Juvenile's post-Katrina songs, by the way, are quite good also, but it's hard to buy his version of the "movement" to retake the city which involves using FEMA money to buy cocaine, to hustle one's way back in, to "take that pyrex," and "rock with it, roll with it." Ouch! Like the 504 Boyz call to action, the individualistic and violent tactics, the hustling, it seems to me that it’s all very much in line with the type of recovery that George Bush and company are promoting. It's a neoliberal program that doesn't give any incentive to collective action or democratic procedure. It’s opposed to the mutual aid that has been so critical, and it’s certainly not an explicit call to political organizing. Perhaps the reality of being a young working class black man in New Orleans is too oppressive to allow for collective action, especially in this time of savage disaster capitalism? Perhaps the conditions are so harsh and terrible for some that survival necessitates individualism and economic means that are predatory such as crack dealing? Perhaps not. Regardless, some young men have embraced the underground "hustle movement" to return and rebuild their lives over the open Right to Return Movement. It's what they know. It's real and possible whereas the politics of democratic collective action might still seem an impossible dream of those like me who've never been forced to stand on the corner in a white T-shirt selling coke to get by, as the 504 Boyz tell us.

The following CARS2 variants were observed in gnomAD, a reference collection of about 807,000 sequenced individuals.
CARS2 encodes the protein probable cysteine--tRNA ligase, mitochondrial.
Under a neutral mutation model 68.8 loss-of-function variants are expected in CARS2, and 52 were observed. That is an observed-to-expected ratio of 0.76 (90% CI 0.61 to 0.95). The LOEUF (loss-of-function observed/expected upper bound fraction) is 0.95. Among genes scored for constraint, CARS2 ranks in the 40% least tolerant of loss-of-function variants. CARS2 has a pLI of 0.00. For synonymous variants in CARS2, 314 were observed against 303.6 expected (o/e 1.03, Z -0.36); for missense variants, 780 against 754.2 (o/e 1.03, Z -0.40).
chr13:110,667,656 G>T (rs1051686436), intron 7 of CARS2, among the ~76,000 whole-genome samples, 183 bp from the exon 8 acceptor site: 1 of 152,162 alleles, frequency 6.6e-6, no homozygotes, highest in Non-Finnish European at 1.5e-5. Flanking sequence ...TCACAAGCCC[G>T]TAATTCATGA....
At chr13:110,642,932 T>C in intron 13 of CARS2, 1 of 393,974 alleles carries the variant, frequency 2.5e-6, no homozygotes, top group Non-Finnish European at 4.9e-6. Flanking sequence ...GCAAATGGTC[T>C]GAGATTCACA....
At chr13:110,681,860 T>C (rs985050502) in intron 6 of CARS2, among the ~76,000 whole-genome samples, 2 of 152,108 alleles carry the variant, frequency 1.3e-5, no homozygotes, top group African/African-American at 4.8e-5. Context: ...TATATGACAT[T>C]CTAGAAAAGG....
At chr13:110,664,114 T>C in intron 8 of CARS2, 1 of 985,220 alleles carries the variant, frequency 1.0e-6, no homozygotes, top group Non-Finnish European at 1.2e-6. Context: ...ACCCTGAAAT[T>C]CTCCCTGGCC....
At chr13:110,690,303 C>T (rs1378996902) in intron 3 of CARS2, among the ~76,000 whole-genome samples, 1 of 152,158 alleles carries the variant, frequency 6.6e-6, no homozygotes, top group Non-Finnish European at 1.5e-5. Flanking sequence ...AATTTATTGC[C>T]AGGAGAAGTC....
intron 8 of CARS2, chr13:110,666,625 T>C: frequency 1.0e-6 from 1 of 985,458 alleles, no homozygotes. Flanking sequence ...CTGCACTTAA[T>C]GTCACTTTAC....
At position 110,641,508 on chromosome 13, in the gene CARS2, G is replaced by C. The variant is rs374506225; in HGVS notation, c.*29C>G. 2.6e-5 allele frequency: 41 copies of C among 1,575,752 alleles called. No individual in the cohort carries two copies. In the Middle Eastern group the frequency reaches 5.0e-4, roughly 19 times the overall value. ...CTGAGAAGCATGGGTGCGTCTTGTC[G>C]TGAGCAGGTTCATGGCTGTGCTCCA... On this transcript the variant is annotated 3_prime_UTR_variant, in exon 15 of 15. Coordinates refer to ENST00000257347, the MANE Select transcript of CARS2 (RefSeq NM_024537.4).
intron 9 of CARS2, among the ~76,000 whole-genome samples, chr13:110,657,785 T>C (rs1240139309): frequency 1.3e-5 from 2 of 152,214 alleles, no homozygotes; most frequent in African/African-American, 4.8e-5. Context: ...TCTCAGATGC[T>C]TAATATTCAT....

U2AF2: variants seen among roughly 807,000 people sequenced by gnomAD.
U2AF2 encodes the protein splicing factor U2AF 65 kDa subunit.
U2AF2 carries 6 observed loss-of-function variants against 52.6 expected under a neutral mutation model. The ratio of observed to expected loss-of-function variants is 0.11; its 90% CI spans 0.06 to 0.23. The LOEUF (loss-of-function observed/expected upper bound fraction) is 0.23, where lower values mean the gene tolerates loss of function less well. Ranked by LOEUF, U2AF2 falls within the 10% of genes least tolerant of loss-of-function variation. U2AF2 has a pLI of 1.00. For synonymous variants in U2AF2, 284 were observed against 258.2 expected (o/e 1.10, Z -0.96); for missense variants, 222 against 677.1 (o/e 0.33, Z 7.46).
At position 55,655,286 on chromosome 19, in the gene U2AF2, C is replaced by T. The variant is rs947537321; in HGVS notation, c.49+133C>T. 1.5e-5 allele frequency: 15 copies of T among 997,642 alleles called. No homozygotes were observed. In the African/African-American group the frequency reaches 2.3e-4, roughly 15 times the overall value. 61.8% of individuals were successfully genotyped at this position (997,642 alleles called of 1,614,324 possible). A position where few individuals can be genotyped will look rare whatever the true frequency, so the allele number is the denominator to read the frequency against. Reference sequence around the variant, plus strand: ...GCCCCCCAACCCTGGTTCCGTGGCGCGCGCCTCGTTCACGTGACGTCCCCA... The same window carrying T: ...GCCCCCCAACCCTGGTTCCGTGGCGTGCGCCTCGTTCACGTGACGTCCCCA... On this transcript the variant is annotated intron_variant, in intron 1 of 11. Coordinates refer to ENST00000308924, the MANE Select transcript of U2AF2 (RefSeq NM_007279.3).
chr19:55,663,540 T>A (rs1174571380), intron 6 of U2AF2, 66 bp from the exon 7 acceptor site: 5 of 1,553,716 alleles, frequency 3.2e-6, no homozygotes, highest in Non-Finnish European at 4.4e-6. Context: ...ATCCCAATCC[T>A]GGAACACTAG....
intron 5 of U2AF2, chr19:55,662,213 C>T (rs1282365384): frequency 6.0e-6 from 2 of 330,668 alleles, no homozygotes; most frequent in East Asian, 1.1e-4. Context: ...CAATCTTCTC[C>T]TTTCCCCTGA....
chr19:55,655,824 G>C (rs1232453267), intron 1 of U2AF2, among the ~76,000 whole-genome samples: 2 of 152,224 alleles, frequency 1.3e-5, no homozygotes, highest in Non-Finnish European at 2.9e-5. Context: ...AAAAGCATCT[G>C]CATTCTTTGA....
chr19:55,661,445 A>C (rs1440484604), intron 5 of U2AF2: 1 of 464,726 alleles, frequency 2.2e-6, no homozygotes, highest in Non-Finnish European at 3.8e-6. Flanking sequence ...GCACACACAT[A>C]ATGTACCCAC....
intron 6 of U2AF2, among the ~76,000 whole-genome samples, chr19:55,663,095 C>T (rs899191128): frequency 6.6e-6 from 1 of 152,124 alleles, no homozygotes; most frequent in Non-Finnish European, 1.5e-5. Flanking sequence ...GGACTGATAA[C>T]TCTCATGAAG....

Wayne's song departs from his usual themes of hustling and abusing women and lays out the political significance of the storm with incredible clarity. That a gangster rapper could rhyme so powerfully the a politics that at several points implies collective action solutions is a sign of hope that New Orleans’ most criminalized and oppressed young black men might be moving toward a shared will and consciousness that will make a broader political movement possible, one which wins concessions from the state and corporations and makes the "hustle movement" an obsolete thing. Unfortunately Wayne ends his song with yet another call to the hustle movement asking, if you “see us in the city, give us a pound” because, " if a nigga still moving then he holding it down." Contradictions are in everything. A sharp analysis, a scathing judgment, Wayne’s track could politicize and educate many youths in the city, buy maybe it’s best that they look elsewhere for advice about what to do now.

I've pasted the lyrics below. Buy the album, please support NOLA’s homegrown, fuck George Bush: